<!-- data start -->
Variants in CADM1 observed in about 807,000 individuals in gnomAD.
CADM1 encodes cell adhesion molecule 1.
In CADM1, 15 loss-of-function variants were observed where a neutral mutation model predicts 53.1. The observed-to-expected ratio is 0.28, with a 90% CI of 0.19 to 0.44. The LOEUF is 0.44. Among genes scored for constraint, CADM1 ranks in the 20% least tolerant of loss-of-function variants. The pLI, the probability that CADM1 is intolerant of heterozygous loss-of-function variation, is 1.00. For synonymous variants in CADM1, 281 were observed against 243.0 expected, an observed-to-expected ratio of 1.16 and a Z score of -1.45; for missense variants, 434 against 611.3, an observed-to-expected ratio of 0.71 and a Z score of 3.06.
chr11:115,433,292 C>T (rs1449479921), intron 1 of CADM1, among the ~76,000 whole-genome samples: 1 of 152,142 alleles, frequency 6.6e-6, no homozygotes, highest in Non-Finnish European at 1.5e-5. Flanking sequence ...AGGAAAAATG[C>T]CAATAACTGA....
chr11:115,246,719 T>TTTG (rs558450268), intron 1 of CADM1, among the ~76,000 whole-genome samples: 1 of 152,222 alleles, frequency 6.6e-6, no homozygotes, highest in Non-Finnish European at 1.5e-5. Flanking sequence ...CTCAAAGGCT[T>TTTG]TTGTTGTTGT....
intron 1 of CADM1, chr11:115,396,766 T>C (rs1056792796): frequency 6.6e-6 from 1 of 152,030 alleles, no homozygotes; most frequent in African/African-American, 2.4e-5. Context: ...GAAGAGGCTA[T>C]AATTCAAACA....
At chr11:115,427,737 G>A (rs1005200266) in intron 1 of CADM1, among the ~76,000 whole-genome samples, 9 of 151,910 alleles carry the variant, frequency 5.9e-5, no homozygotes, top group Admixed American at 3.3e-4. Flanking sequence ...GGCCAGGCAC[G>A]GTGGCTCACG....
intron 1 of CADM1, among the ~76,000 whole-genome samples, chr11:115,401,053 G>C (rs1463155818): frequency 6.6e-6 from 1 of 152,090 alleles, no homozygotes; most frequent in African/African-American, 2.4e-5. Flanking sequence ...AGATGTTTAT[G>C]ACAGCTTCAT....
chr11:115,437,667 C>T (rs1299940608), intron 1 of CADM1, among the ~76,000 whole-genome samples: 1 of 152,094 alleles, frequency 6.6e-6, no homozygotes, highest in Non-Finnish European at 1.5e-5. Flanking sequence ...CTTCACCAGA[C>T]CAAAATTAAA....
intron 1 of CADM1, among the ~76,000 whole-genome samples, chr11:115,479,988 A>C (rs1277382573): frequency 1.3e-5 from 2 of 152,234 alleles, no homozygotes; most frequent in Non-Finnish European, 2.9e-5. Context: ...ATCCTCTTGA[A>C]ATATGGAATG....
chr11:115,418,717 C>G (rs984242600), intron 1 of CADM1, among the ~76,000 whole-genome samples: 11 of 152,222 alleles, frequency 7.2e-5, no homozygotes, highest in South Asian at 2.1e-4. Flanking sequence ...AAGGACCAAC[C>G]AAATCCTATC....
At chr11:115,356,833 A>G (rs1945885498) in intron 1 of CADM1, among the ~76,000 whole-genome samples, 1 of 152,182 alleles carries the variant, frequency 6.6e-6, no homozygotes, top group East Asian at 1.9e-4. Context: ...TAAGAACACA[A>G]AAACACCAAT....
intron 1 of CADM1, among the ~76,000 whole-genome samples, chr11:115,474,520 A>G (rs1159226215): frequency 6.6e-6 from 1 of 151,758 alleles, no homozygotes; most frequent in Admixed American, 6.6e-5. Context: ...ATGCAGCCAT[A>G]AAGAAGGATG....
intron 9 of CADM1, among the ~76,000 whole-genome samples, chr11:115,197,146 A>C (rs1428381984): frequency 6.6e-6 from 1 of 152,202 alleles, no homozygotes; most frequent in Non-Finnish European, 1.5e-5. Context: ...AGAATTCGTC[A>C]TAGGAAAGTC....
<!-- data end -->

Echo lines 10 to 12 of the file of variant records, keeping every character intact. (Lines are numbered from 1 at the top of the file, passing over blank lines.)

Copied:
intron 1 of CADM1, among the ~76,000 whole-genome samples, chr11:115,479,988 A>C (rs1277382573): frequency 1.3e-5 from 2 of 152,234 alleles, no homozygotes; most frequent in Non-Finnish European, 2.9e-5. Context: ...ATCCTCTTGA[A>C]ATATGGAATG....
chr11:115,418,717 C>G (rs984242600), intron 1 of CADM1, among the ~76,000 whole-genome samples: 11 of 152,222 alleles, frequency 7.2e-5, no homozygotes, highest in South Asian at 2.1e-4. Flanking sequence ...AAGGACCAAC[C>G]AAATCCTATC....
At chr11:115,356,833 A>G (rs1945885498) in intron 1 of CADM1, among the ~76,000 whole-genome samples, 1 of 152,182 alleles carries the variant, frequency 6.6e-6, no homozygotes, top group East Asian at 1.9e-4. Context: ...TAAGAACACA[A>G]AAACACCAAT....